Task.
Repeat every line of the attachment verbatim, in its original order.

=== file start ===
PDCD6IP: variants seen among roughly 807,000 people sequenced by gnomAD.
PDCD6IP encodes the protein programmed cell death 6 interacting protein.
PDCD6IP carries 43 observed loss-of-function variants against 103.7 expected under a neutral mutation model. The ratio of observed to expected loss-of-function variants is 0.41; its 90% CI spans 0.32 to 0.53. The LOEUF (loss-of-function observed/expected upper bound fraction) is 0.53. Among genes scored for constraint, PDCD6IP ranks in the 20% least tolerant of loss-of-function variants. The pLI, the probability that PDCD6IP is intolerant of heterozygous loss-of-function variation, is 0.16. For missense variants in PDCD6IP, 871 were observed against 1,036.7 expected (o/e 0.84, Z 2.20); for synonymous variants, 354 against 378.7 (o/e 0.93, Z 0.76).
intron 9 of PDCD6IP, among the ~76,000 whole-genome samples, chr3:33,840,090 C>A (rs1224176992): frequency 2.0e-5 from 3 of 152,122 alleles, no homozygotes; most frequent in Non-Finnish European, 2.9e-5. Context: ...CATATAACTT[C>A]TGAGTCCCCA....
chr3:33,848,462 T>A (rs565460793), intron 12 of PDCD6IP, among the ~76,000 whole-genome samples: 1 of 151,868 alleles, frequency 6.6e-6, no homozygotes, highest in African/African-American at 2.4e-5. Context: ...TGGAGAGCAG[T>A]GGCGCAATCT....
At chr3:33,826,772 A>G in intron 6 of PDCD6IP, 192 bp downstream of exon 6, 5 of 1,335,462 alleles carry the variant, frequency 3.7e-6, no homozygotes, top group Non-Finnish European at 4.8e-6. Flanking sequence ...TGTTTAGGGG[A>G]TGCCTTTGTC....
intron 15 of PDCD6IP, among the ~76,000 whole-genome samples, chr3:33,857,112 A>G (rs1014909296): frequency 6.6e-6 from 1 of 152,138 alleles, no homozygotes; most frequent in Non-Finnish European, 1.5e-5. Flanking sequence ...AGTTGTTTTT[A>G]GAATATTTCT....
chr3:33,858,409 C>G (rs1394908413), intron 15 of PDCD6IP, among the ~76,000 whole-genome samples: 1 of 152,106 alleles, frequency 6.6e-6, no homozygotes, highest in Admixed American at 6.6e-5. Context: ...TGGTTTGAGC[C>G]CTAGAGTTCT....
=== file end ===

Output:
PDCD6IP: variants seen among roughly 807,000 people sequenced by gnomAD.
PDCD6IP encodes the protein programmed cell death 6 interacting protein.
PDCD6IP carries 43 observed loss-of-function variants against 103.7 expected under a neutral mutation model. The ratio of observed to expected loss-of-function variants is 0.41; its 90% CI spans 0.32 to 0.53. The LOEUF (loss-of-function observed/expected upper bound fraction) is 0.53. Among genes scored for constraint, PDCD6IP ranks in the 20% least tolerant of loss-of-function variants. The pLI, the probability that PDCD6IP is intolerant of heterozygous loss-of-function variation, is 0.16. For missense variants in PDCD6IP, 871 were observed against 1,036.7 expected (o/e 0.84, Z 2.20); for synonymous variants, 354 against 378.7 (o/e 0.93, Z 0.76).
intron 9 of PDCD6IP, among the ~76,000 whole-genome samples, chr3:33,840,090 C>A (rs1224176992): frequency 2.0e-5 from 3 of 152,122 alleles, no homozygotes; most frequent in Non-Finnish European, 2.9e-5. Context: ...CATATAACTT[C>A]TGAGTCCCCA....
chr3:33,848,462 T>A (rs565460793), intron 12 of PDCD6IP, among the ~76,000 whole-genome samples: 1 of 151,868 alleles, frequency 6.6e-6, no homozygotes, highest in African/African-American at 2.4e-5. Context: ...TGGAGAGCAG[T>A]GGCGCAATCT....
At chr3:33,826,772 A>G in intron 6 of PDCD6IP, 192 bp downstream of exon 6, 5 of 1,335,462 alleles carry the variant, frequency 3.7e-6, no homozygotes, top group Non-Finnish European at 4.8e-6. Flanking sequence ...TGTTTAGGGG[A>G]TGCCTTTGTC....
intron 15 of PDCD6IP, among the ~76,000 whole-genome samples, chr3:33,857,112 A>G (rs1014909296): frequency 6.6e-6 from 1 of 152,138 alleles, no homozygotes; most frequent in Non-Finnish European, 1.5e-5. Flanking sequence ...AGTTGTTTTT[A>G]GAATATTTCT....
chr3:33,858,409 C>G (rs1394908413), intron 15 of PDCD6IP, among the ~76,000 whole-genome samples: 1 of 152,106 alleles, frequency 6.6e-6, no homozygotes, highest in Admixed American at 6.6e-5. Context: ...TGGTTTGAGC[C>G]CTAGAGTTCT....